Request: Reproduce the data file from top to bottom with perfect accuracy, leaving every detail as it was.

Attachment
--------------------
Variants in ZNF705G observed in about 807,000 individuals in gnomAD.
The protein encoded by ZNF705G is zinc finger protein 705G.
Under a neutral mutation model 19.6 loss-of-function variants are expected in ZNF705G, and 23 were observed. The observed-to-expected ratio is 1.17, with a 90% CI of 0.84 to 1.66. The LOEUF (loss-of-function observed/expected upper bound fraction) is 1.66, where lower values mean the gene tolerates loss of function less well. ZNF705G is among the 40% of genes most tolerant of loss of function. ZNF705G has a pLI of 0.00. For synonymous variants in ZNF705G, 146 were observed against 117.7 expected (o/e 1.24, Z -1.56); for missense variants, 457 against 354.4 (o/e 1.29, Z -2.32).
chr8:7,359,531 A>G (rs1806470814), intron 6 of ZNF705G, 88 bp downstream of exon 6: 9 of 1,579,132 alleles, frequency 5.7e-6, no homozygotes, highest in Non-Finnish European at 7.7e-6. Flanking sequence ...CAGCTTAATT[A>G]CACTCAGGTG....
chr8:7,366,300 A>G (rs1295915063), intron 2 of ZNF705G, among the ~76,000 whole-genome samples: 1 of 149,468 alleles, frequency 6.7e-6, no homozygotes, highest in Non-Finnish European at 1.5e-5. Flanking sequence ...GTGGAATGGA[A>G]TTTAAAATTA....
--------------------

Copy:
Variants in ZNF705G observed in about 807,000 individuals in gnomAD.
The protein encoded by ZNF705G is zinc finger protein 705G.
Under a neutral mutation model 19.6 loss-of-function variants are expected in ZNF705G, and 23 were observed. The observed-to-expected ratio is 1.17, with a 90% CI of 0.84 to 1.66. The LOEUF (loss-of-function observed/expected upper bound fraction) is 1.66, where lower values mean the gene tolerates loss of function less well. ZNF705G is among the 40% of genes most tolerant of loss of function. ZNF705G has a pLI of 0.00. For synonymous variants in ZNF705G, 146 were observed against 117.7 expected (o/e 1.24, Z -1.56); for missense variants, 457 against 354.4 (o/e 1.29, Z -2.32).
chr8:7,359,531 A>G (rs1806470814), intron 6 of ZNF705G, 88 bp downstream of exon 6: 9 of 1,579,132 alleles, frequency 5.7e-6, no homozygotes, highest in Non-Finnish European at 7.7e-6. Flanking sequence ...CAGCTTAATT[A>G]CACTCAGGTG....
chr8:7,366,300 A>G (rs1295915063), intron 2 of ZNF705G, among the ~76,000 whole-genome samples: 1 of 149,468 alleles, frequency 6.7e-6, no homozygotes, highest in Non-Finnish European at 1.5e-5. Flanking sequence ...GTGGAATGGA[A>G]TTTAAAATTA....